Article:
Thomas Apthorpe Cooper

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Cooper circa 1822, painting by Chester Harding

Thomas Abthorpe Cooper (born London, England, 1776; d. Bristol, Pennsylvania, 21 April 1849) was an English actor.

Cooper was born in Harrow on the Hill, London, the son of a physician with the East India Company. He received a good education, and, on the death of his father, was adopted by Thomas Holcroft and William Godwin.[1]

His first appearance on the stage was with Stephen Kemble's company in Edinburgh, and later he acted at Covent Garden, London, with great success as Hamlet and Macbeth. In December, 1796, he made his first appearance in Philadelphia as Macbeth at the Chestnut Street Theatre, and in August of the following year played in the Greenwich Street Theatre, New York, as Pierre in Venice Preserved. He returned to England in 1802, and for several years held a foremost rank on the English stage.[1]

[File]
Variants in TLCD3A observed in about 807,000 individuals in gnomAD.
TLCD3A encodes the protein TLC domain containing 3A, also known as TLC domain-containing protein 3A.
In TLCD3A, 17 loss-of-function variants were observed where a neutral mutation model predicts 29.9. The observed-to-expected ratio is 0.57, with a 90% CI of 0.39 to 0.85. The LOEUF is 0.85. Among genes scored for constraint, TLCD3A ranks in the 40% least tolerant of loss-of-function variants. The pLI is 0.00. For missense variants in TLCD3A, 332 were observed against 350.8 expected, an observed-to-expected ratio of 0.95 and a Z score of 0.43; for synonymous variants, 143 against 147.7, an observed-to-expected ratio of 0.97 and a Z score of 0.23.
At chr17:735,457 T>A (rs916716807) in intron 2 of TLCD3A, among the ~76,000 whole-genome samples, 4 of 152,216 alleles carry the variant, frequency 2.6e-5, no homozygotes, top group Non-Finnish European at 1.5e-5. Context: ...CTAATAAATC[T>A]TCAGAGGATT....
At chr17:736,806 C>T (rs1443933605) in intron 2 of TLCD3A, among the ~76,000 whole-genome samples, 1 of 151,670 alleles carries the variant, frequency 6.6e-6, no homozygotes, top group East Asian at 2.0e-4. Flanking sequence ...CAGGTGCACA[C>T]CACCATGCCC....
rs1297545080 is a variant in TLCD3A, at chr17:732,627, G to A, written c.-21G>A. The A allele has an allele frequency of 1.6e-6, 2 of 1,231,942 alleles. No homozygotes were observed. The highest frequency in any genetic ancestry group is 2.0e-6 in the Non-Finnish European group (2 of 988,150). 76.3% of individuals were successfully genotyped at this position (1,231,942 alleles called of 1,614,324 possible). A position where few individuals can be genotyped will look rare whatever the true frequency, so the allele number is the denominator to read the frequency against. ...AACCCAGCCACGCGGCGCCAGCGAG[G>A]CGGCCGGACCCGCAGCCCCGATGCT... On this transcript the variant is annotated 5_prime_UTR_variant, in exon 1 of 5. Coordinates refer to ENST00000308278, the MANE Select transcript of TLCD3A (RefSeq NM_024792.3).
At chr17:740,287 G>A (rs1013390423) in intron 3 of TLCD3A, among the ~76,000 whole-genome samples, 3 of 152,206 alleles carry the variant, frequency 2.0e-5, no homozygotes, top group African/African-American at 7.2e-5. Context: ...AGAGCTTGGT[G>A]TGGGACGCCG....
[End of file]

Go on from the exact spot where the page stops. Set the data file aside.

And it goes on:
In 1804, he returned to New York and soon afterward, for a long time, became lessee of the Park Theatre. Later he again visited England, but soon returned to the United States, where he continued to play until advanced in years. As his daughter, Priscilla, married the son of President John Tyler, he held various public offices, among which were that of military storekeeper in Frankford, Pennsylvania, during 1841, and later the office of surveyor to the ports of New York and Philadelphia. Cooper had great natural endowments of person and voice, but did not excel as a student. His acting was of the school of John Philip Kemble, whom he bid fair to rival in his early days.[1]

Notes[edit]

  1. ^ a b c Ireland, Joseph Norton (1888). A Memoir of the Professional Life of Thomas Abthorpe Cooper. The Dunlap Society. Retrieved 29 March 2016. 

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